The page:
This Is War
I always used to write off Thirty Seconds to Mars.
To me, Jared Leto was an actor – and a damn good one at that; I just couldn’t take him seriously fronting a rock band. Then the way they promoted A Beautiful Lie, with Leto covered in dark eyeliner, just cemented that idea in my head and I, quite unfairly, wrote them off despite hearing that they were impressive live and moderately enjoying The Kill.
When they came out with This Is War I once again wrote it off until I heard the single Kings and Queens. There was something there in the atmospheric stadium rock. It was big, it was grandiose, it was a bit cheesy but it was good. Leto’s voice was strong, the type that makes you want to close your eyes and throw your hands out as you sing along. The drumming was interesting and the addition of a children chorus really propelled the song forward. This was good and intriguing enough for me to give them a second chance.
The rest of the hour long record pretty much builds on top of what Kings and Queens started, delivering progressive and stadium rock songs one after another; offering a serious nod to Pink Floyd and a more rock-oriented version of Angels and Airwaves. Leto’s voice is consistently strong, ensuring that perhaps I’ll finally allow him to be a singer and an actor (but he’ll always be an actor in my books).
This Is War sees Thirty Seconds to Mars offering some very interesting tracks that bear repeating. The six-minute Hurricane drags on a bit too long but has a chorus that just blows you away built on varied instrumentations and a powerful vocal delivery. Listen to the title track and the anthemic chorus will give you chills, particularly contrasted against the sparse verses. Night of the Hunter blasts through with a fast French introduction before thunderous drums come in along side synth melodies and Vox Populi is the de-facto atmospheric stadium rock song that would make Tom DeLonge green with envy.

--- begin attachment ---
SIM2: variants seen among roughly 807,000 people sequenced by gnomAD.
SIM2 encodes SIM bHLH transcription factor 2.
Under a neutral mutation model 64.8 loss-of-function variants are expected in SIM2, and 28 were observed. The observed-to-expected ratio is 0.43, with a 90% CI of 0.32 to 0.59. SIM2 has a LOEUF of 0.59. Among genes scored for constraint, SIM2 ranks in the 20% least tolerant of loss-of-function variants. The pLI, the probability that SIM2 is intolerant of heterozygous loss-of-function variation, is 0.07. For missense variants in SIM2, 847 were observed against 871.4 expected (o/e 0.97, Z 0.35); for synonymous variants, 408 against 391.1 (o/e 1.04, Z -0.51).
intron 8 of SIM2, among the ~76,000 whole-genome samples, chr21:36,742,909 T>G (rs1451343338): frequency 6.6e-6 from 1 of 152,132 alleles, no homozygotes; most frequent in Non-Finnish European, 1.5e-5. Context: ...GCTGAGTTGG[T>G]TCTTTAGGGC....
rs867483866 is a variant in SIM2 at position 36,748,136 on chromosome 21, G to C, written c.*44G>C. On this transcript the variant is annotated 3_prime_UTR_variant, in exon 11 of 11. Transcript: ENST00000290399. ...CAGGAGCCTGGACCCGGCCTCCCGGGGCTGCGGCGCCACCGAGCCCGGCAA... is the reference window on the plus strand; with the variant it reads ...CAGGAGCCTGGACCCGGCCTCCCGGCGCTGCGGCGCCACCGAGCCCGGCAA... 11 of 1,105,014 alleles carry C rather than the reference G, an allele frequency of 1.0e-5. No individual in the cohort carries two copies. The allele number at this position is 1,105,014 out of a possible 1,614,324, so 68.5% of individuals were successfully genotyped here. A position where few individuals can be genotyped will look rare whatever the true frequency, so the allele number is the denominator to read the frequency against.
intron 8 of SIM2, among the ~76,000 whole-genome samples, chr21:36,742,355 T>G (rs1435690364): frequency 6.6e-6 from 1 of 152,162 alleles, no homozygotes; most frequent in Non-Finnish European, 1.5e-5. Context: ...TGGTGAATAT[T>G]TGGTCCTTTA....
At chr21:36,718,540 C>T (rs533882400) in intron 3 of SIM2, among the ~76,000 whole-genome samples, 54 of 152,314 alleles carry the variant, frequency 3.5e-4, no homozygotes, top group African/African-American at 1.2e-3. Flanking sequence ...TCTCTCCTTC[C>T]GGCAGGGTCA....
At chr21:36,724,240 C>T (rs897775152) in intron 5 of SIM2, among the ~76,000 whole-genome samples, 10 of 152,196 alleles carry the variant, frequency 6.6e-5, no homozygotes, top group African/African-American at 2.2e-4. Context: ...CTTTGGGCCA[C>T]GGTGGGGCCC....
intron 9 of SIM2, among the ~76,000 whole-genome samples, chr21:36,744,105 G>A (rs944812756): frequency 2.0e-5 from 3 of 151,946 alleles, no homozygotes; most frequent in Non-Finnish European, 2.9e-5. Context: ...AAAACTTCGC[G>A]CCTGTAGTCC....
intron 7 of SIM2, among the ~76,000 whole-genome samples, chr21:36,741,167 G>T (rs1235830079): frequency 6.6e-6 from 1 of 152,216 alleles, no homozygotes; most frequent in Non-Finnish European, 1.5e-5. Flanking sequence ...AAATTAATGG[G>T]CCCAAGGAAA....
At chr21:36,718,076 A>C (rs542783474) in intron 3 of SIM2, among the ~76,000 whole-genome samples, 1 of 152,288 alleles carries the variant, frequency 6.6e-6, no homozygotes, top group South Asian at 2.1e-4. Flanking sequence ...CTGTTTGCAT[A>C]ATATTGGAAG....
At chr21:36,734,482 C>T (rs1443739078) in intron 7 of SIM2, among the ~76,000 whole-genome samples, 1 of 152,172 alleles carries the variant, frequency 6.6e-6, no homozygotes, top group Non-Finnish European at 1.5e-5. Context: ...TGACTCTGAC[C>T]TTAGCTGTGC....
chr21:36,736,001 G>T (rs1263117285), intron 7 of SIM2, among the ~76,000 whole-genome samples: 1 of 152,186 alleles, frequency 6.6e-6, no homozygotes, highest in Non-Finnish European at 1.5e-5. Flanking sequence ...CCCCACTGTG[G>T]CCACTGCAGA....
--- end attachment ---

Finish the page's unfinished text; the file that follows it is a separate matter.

The album, as a whole, sees some interesting musical structures, sometimes stadium rock, sometimes slightly industrial, sometimes atmospheric with strings and expansive orchestration. The problem This Is Warruns into is that they do it all too much and too often. By the halfway point you feel like you’ve heard it all before. The strings are a nice touch but were good on the last three tracks too. The children chorus adds a little extra something but loses credibility when it’s done at least three times in the same album – maybe more as they tend to blend together after a time.
That is the main detractor of the album: while it may be good, it’s all been done before and at an hour long, This Is War starts to drag. This feeling makes the final few songs filler as they fall into the background; only on L490 do they finally grab your attention again, unfortunately it’s a painful amount of feedback that does it and the feedback remains the only memorable moment of the closing track which seems very out of place in the album.
As I said before, This Is War is strong enough to convince me that Leto can have a career outside the movie industry; but it’s not strong enough to keep me playing it over and over again. A few songs here and there, but that’s pretty much all; and for an album that seems to be focused around one central theme, it’s odd that they didn’t bother supplying any lyrics in the booklets.